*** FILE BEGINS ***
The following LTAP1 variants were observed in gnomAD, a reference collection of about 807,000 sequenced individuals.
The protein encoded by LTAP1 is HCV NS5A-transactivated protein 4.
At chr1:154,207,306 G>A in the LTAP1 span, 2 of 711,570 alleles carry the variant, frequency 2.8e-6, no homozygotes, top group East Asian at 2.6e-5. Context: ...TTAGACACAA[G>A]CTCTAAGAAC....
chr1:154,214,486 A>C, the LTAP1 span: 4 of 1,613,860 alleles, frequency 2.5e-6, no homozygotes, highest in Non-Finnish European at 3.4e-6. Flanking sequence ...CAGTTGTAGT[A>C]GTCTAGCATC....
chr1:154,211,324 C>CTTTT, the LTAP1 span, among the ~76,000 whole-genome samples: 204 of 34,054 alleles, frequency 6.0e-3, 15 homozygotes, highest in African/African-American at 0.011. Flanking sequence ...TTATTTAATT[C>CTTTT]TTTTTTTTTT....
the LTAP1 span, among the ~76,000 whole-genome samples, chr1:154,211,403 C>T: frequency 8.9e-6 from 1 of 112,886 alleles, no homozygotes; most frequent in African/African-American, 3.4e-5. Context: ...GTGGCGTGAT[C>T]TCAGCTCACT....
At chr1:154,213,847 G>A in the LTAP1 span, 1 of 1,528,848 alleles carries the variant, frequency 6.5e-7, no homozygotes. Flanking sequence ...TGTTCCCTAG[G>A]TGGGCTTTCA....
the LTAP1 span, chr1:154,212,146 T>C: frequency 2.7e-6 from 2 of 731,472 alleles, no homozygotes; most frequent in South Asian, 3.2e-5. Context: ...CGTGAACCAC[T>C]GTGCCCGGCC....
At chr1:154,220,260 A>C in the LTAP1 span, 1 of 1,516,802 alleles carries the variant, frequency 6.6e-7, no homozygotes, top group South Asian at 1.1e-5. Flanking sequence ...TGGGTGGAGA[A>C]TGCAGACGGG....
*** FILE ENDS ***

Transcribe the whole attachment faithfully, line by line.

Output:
The following LTAP1 variants were observed in gnomAD, a reference collection of about 807,000 sequenced individuals.
The protein encoded by LTAP1 is HCV NS5A-transactivated protein 4.
At chr1:154,207,306 G>A in the LTAP1 span, 2 of 711,570 alleles carry the variant, frequency 2.8e-6, no homozygotes, top group East Asian at 2.6e-5. Context: ...TTAGACACAA[G>A]CTCTAAGAAC....
chr1:154,214,486 A>C, the LTAP1 span: 4 of 1,613,860 alleles, frequency 2.5e-6, no homozygotes, highest in Non-Finnish European at 3.4e-6. Flanking sequence ...CAGTTGTAGT[A>C]GTCTAGCATC....
chr1:154,211,324 C>CTTTT, the LTAP1 span, among the ~76,000 whole-genome samples: 204 of 34,054 alleles, frequency 6.0e-3, 15 homozygotes, highest in African/African-American at 0.011. Flanking sequence ...TTATTTAATT[C>CTTTT]TTTTTTTTTT....
the LTAP1 span, among the ~76,000 whole-genome samples, chr1:154,211,403 C>T: frequency 8.9e-6 from 1 of 112,886 alleles, no homozygotes; most frequent in African/African-American, 3.4e-5. Context: ...GTGGCGTGAT[C>T]TCAGCTCACT....
At chr1:154,213,847 G>A in the LTAP1 span, 1 of 1,528,848 alleles carries the variant, frequency 6.5e-7, no homozygotes. Flanking sequence ...TGTTCCCTAG[G>A]TGGGCTTTCA....
the LTAP1 span, chr1:154,212,146 T>C: frequency 2.7e-6 from 2 of 731,472 alleles, no homozygotes; most frequent in South Asian, 3.2e-5. Context: ...CGTGAACCAC[T>C]GTGCCCGGCC....
At chr1:154,220,260 A>C in the LTAP1 span, 1 of 1,516,802 alleles carries the variant, frequency 6.6e-7, no homozygotes, top group South Asian at 1.1e-5. Flanking sequence ...TGGGTGGAGA[A>C]TGCAGACGGG....